I’ve no idea why they tried so hard to make Halle Berry into an action star back in the 00s – yes the woman is drop-dead gorgeous and can turn in a good performance if her Oscar is anything to go by, but she’s got zero presence required for an action-oriented role with her soft face and a soft voice. Here in Catwoman she plays Patience, a shy and sensitive young woman who works as a graphic designer and wears dowdy, aggressively horrible outfits. I can just see the director instructing the costume designer: please give me the most hideous, mismatched, sexless outfit you can think of, so the audience knows this woman is in for a sexy makeover. One day, Patience sees a cat sitting on a ledge outside of her apartment window, and instead of acting like a normal person and, I don’t know, calling for someone with a ladder, she climbs outside like a lunatic and tries to rescue the animal by herself. The cat needs no saving whatsoever, but Patience ends up being rescued by a hunky cop called Tom (Benjamin Bratt), who of course fancies her immediately.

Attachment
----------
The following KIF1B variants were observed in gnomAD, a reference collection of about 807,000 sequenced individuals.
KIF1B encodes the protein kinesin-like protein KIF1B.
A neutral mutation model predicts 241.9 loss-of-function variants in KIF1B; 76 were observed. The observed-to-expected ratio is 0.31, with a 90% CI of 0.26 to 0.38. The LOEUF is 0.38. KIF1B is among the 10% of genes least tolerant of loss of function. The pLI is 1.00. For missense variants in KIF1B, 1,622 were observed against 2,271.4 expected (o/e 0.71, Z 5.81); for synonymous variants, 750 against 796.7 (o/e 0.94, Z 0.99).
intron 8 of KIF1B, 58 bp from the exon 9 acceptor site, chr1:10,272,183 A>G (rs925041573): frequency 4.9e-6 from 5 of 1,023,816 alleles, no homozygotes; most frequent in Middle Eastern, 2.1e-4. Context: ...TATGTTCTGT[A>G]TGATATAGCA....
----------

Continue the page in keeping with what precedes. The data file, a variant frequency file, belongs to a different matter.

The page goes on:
Meanwhile, the cosmetics company that employs Patience, run by the obviously evil power couple Laurel and George (Sharon Stone and Lambert Wilson), are on a verge of releasing their new cosmetics product with a dark secret, which Patience inadvertently discovers one night. She is promptly killed off, but the cat Patience had attempted to rescue shows up with her posse of presumably non-magical felines and literally breathes in new life into her, in a laughably fake CGI sequence (like everything else, CGI in this movie sucks). Soon, Patience discovers her new powers, like keen senses, superhuman agility and reflexes, together with an overwhelming urge to drink milk, hiss at dogs and sleep on the shelves, which looks just as stupid as it sounds. She also transforms into a brand-new badass confident woman who takes no shit from no one, hear her meow! To show just how liberated she is, Patience puts on some bright lippy and squeezes herself into a ludicrous dominatrix costume designed for the benefit of hormonal teenage boys, and goes on a quest of revenge and random jewelry theft, which complicates things with her cop would-be boyfriend.